Alpha carbon. A fourth bond attaches the alpha carbon to a side group that varies among different amino acids. The side group may be a single hydrogen atom, various chains, or various complex ring structures. Hundreds of amino acids are possible, but most organisms use only 21 amino acids in synthesizing proteins.

147

The different size groups of amino acids affects?

The way amino acids interact with one another within a given protein, as well as how a protein interacts with other molecules.

148

A change in an amino acid's side group may seriously interfere with?

A protein's normal function

149

What is the charge of amino acids?

Because amino acids contain both an acidic carboxyl group and a basic amino group, they have both positive and negative charges and are easily soluble in water.

150

Scientists refer to covalent bonds between amino acids by a special name called?

Peptide bonds

151

A molecule composed of two amino acids linked together by a single peptide bond is called a?

Dipeptide

152

Longer chains of amino acids are called?

Polypeptides

153

Proteins are unbranched polypeptides composed of?

Hundreds to thousands of amino acids linked together in specific patterns as determined by genes

154

The structure of a protein molecule is directly related to?

Its function; therefore, understanding protein structure is critical to understanding certain specific chemical reactions, the action of antibiotics, and specific defense against pathogens

155

Every protein has at least three levels of structure, and some proteins have four levels. What are the levels?

1) Primary structure
2) Secondary structure
3) Tertiary structure
4) Quaternary structure

156

What is the primary structure of a protein?

Its sequence of amino acids. Cells use many different types of amino acids in proteins, though not every protein contains all types. The primary structures of proteins vary widely in length and amino acid sequence

157

The replacement of the amino acid valine by alanine in position 136 of the primary structure of a particular sheep brain protein, called cellular prion protein, may result in a disease called scrapie. The altered protein spreads into?

Cows, causing mad cow disease, and from cows into humans, causing variant Creutzfeldt Jakob disease

158

Ionic bonds, hydrogen bonds, and hydrophilic characteristics cause many polypeptide chains to fold into either?

Coils called alpha helices, or accordion-like structures called beta pleated sheets

159

Proteins are typically composed of?

Both alpha helices and beta pleated sheets linked by short sequences of amino acids that do not show secondary structure.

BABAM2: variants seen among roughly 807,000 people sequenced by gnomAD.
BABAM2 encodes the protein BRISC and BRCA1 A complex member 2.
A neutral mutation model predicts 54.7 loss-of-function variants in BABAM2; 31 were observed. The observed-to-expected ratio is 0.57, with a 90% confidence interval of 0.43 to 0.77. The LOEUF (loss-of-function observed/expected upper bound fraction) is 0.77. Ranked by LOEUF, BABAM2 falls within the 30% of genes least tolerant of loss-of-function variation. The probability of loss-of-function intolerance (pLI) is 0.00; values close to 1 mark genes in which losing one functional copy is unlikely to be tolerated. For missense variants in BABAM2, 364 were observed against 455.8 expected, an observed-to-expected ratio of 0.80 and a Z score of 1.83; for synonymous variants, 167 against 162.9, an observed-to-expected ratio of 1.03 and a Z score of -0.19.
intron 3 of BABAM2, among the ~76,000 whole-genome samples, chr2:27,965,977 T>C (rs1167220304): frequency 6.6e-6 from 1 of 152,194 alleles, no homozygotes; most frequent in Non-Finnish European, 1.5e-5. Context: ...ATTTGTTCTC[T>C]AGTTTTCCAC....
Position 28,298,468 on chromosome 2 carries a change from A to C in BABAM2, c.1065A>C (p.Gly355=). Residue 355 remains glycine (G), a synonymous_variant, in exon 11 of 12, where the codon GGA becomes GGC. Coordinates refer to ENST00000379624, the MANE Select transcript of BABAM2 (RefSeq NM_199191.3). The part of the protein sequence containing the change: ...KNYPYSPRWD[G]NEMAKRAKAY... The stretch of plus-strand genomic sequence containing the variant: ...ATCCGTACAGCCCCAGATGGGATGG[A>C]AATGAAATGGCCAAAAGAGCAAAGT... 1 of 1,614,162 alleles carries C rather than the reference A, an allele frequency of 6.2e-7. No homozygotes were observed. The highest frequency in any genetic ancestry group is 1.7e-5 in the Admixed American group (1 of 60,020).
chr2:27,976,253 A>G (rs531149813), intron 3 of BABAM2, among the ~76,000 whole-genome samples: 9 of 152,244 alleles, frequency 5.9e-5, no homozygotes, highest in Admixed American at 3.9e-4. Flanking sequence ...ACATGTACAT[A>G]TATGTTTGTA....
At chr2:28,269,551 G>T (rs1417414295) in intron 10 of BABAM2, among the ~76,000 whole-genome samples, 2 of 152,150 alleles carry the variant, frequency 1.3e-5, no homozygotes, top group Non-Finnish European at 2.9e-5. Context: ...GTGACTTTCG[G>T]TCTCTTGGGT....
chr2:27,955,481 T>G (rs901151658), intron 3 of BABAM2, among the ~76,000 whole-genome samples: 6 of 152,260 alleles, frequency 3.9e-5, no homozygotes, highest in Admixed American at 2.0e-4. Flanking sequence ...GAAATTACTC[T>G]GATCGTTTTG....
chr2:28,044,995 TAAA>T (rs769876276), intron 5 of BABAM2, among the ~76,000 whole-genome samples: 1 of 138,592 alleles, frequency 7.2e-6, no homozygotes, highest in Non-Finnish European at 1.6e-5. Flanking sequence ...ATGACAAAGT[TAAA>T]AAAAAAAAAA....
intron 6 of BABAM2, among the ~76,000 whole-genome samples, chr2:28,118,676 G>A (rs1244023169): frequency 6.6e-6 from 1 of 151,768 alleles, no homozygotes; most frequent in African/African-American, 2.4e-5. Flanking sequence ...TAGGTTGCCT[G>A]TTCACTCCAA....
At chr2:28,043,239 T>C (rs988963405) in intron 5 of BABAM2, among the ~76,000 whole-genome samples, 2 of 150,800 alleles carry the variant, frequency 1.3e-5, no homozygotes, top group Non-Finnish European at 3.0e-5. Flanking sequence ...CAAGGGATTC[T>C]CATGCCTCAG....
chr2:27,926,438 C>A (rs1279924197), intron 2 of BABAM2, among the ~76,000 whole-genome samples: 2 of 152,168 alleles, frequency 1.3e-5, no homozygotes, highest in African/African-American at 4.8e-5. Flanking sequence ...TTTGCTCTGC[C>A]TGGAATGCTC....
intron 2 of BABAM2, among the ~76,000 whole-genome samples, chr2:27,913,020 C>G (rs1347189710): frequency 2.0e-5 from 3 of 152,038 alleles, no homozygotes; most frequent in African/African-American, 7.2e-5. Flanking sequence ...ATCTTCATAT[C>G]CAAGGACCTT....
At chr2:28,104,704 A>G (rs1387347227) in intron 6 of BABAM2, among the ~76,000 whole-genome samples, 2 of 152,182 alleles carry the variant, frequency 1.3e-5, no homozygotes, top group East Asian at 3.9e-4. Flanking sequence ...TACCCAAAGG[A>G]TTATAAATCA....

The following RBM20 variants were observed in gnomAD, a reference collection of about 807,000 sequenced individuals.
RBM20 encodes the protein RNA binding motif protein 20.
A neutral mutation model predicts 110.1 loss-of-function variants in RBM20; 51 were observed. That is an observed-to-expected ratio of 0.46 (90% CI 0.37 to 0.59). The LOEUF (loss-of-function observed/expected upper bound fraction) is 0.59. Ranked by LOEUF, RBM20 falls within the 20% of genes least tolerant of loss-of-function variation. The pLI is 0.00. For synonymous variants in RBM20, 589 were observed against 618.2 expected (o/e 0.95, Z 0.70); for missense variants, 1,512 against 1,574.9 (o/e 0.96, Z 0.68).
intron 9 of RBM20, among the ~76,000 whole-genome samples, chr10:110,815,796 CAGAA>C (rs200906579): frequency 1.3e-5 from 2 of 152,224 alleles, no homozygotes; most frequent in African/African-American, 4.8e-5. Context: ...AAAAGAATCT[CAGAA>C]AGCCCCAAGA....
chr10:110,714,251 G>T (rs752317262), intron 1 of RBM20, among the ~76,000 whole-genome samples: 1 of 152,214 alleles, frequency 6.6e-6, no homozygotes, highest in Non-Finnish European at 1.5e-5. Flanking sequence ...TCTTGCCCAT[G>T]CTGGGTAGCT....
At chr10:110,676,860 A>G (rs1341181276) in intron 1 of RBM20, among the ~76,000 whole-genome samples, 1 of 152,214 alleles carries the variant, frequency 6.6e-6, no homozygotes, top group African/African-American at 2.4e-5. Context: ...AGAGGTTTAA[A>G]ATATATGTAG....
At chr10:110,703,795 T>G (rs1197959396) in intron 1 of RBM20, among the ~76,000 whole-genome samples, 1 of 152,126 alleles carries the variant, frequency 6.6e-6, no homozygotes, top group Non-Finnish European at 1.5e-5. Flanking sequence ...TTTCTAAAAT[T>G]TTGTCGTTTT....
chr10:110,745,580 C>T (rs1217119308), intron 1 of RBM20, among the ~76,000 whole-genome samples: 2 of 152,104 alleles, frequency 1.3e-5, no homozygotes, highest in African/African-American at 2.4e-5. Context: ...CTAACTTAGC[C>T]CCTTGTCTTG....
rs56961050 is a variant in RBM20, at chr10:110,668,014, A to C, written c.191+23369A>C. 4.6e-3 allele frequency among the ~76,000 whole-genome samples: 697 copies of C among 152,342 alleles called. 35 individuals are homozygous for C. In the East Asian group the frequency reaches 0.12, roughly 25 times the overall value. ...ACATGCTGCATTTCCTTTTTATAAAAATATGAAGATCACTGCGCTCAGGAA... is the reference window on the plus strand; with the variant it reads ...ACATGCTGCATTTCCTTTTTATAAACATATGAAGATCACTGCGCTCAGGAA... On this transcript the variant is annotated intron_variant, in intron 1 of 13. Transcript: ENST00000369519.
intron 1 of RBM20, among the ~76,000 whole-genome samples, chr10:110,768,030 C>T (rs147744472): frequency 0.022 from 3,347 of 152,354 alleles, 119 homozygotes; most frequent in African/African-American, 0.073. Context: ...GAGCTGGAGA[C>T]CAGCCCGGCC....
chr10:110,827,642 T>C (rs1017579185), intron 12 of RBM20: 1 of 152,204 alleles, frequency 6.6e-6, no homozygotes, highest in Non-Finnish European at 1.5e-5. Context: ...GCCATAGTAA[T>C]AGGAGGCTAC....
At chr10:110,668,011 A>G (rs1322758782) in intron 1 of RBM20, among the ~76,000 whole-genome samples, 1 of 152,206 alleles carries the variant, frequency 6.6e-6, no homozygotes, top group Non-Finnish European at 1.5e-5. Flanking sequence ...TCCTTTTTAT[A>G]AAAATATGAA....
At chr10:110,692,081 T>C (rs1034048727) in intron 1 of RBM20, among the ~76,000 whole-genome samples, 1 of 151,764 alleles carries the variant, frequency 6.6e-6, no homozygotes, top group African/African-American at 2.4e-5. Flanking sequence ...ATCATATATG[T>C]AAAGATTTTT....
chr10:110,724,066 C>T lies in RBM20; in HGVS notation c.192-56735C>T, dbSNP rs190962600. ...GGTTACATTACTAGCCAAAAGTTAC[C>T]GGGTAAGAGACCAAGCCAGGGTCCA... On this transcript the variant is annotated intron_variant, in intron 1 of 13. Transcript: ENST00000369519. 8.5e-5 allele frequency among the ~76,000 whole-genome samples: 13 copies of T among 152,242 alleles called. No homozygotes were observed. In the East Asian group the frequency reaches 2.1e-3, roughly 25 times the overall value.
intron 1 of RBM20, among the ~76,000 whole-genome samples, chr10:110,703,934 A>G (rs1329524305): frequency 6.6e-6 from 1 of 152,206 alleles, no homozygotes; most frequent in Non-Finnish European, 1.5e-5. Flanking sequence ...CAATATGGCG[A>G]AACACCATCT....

160

Describe the tertiary structure of proteins

Polypeptides further fold into complex three-dimensional shapes that are not repetitive like alpha helices and beta pleated sheets, but are uniquely designed to accomplish the function of the protein.

161

Describe the quaternary structure of proteins

Some proteins are composed of two or more polypeptide chains linked together by disulfide bridges or other bonds. The overall shape of such a protein may be globular or fibrous (threadlike)

162

What are glycoproteins?

Proteins covalently bound with carbohydrates

163

What are lipoproteins?

Proteins bonded with lipids

164

What are metalloproteins?

Contain metallic ions

165

What are nucleoproteins?

Proteins bonded with nucleic acids

166

Because protein shape determines protein function, anything that severely interrupts shape also disrupts function. As we have seen, amino acid substitution can alter shape and function. Additionally, physical and chemical factors such as heat, changes in pH, and salt concentration can interfere with hydrogen and ionic bonding, with in turn disrupts the three-dimensional structure of proteins. This process is called?

Denaturation

167

Denaturation of of proteins can be?

Temporary (if the denaturation protein is able to return to its original shape again) or permanent

168

What are vital as the genetic material of cells and viruses?

The nucleic acids deoxyribonucleic acid (DNA) & ribonucleic acid (RNA)

169

RNA acting as an enzyme binds?

Amino acids together to form polypeptides

170

DNA & RNA are both?

Unbranched macromolecular polymers that differ primarily in the structures of their monomers